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Blues skate in critical Game 6 of the Stanley Cup Final

Boston's David Pastrnak scored against the sprawling Blues goalie Jordan Binnington in the third period of Game 6 Sunday at the Enterprise Center in St. Louis. Photo by J.B. Forbes,

Sju. Sept. Семь. Seven.

In any language, it means the same thing to the St. Louis Blues. Game 7. It’s got numerical gravitas. Game on.

“Every player dreams about a Game 7,” Blues coach Craig Berube said. “They probably played 100 of them in their heads as a kid, or even as an adult.”

At this point, we know so much about the Blues – yet, heading into a unique environment, much is a mystery. Notably the mysterious, masked man himself, Jordan Binnington. A couple times in Game 6, the goalie was humbled. Now, if it was baseball, the official scorer would’ve taken a moment to determine if the bouncing Brando Carlo goal was a hit or an error. And Binnington arguably could’ve had a better angle on the third Boston goal.

Regardless, he has responded every single time he has a bad game. It’s astounding, really.

But this is uncharted frozen waters.

“Sometimes, the bounces aren’t going to go your way,” he said of Game 6, both literally and figuratively. “It’s how you handle it.”

He goes to great lengths to reveal little. During this series (and postseason … and regular season), the soft-talker with an economy of words has answered the bare minimum to reporters’ inquiries in press conferences. But also on live television with famous ESPN personalities, or in a National Hockey League documentary series called “Quest For The Stanley Cup,” which interviewed Binnington in the comfort of his home (though viewers were introduced to Binnington’s girlfriend, Cristine Prosperi, the Canadian actress who was on “Degrassi: The Next Generation.”).

A Wednesday win and he’s an instant icon in our city. An elite performance in Wednesday’s win, and some voters might even consider him for the Conn Smythe Trophy, awarded to the best player of the postseason.

Nothing from his past body of work suggests he’ll stink on Wednesday. He’s 7-2 after a loss in the postseason with a minuscule 1.83 goals-against average. That is forgotten if he allows a soft goal in Game 7.

“Just like our team, he gets through it, he gets on with it,” Berube said. “He’s done a good job with that, being level-headed and understanding that things don’t always go your way – and you don’t get the bounces all the time – and that’s why he’s responded well.”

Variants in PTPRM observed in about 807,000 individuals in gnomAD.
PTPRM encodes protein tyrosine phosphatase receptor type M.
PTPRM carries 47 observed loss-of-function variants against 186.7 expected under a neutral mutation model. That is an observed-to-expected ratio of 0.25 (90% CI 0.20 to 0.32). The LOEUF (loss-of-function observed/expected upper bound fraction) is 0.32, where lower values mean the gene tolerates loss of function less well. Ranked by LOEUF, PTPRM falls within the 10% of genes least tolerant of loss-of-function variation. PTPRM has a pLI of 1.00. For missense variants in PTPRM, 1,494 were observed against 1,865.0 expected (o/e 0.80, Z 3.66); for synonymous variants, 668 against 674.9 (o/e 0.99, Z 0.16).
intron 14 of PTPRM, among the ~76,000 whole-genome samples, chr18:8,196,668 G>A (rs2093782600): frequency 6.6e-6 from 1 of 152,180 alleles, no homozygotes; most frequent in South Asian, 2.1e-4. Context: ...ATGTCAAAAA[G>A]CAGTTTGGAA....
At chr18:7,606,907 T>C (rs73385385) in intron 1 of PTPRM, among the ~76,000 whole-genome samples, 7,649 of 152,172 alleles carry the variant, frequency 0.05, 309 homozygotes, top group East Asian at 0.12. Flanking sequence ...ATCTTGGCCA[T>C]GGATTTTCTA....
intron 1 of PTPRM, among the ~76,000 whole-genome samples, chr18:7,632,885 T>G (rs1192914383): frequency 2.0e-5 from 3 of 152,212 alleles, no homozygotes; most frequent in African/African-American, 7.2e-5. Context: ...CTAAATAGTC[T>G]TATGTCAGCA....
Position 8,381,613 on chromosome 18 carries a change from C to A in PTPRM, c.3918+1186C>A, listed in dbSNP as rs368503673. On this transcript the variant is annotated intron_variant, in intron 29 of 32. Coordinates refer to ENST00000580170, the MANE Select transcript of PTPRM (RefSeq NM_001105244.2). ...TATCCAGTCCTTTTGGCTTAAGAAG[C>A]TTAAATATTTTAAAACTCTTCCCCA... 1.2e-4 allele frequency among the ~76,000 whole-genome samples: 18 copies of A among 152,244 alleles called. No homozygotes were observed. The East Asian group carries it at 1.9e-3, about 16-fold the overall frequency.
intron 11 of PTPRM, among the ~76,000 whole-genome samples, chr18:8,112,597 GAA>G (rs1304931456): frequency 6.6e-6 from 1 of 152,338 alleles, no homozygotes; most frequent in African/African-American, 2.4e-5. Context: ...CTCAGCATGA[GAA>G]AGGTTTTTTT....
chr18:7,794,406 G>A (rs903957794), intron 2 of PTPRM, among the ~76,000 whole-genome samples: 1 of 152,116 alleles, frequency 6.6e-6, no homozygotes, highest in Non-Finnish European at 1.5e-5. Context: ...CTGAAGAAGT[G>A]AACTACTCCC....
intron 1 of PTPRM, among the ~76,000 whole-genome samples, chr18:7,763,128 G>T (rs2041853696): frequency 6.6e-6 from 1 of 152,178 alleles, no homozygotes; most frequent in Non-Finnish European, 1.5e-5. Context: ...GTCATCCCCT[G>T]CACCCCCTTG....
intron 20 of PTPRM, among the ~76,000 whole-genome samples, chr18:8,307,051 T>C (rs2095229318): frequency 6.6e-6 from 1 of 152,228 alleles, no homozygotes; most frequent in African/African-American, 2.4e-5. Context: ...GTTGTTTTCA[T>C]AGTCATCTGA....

It is quite possible that Game 7 will be a goalies’ duel. Binnington is playing really well. Tuukka Rask is playing spectacularly. A Game 7 suggests there might not be as many penalties called – and thus fewer power-play scoring chances. And this series in general – with numerous defensemen playing resplendent, smothering hockey – has minimized open space for play-making, more time for mucking in the corners, battling against the boards.

“There are probably not going to be a lot of odd-man rushes, we know that,” Blues forward Jaden Schwartz said Monday as the team met to fly to Boston. “It’s been a tight series, there’s not a lot of room out there. Every game is different, you don’t know how it’s going to go, but I’m sure both teams won’t expect to have a lot of three-on-ones, two-on-ones. … This time of year, it’s dirty goals. So pucks through from the point are big, but even from the goal line, we can do a better job of jamming pucks.”

Which leads to another mystery that will be answered Wednesday – what will the Blues’ third line provide? The return of the injured Robert Thomas, after a shot in the arm by Torey Krug, was a shot in the arm … at least on a couple shifts. But the teenager only tallied 9:21 of ice time and was a minus-2.

Asked about how Thomas did, Berube said: “Fine. Like, I mean, it was tough for him, first game back, that’s a big game obviously. They didn’t get a whole lot of time out there, so it’s hard to evaluate.”

Thomas provides something that few others can – elite speed. Similar to spry and sly defenseman Vince Dunn, he has the youthfulness and fearlessness to create something out of nothing.

With about 17:30 left in the second period, Thomas whipped and zipped an amazing pass in the slot to Patrick Maroon, who, alas, couldn’t get a good swing on it. Goal could’ve changed the game there – and it was a goal-scoring chance that, more times than not, would not have even transpired.

Earlier in the postseason, the Thomas-Tyler Bozak-Maroon line was a forechecking wrecking ball, which scored some huge goals. At their best, they’re built for a dirty-deeds game such as Game 7. But which Thomas will be out there for the majority of the shifts?

Binnington, one way or another, will factor in Game 7; Thomas can be an X-factor.

“You’re going to be nervous, that’s natural,” Berube said of Game 7. “That means you care and you want to do well. But once they drop the puck and you get a shift in, that goes away and it’s just hockey. It’s just about the effort, competitiveness and getting some bounces.”

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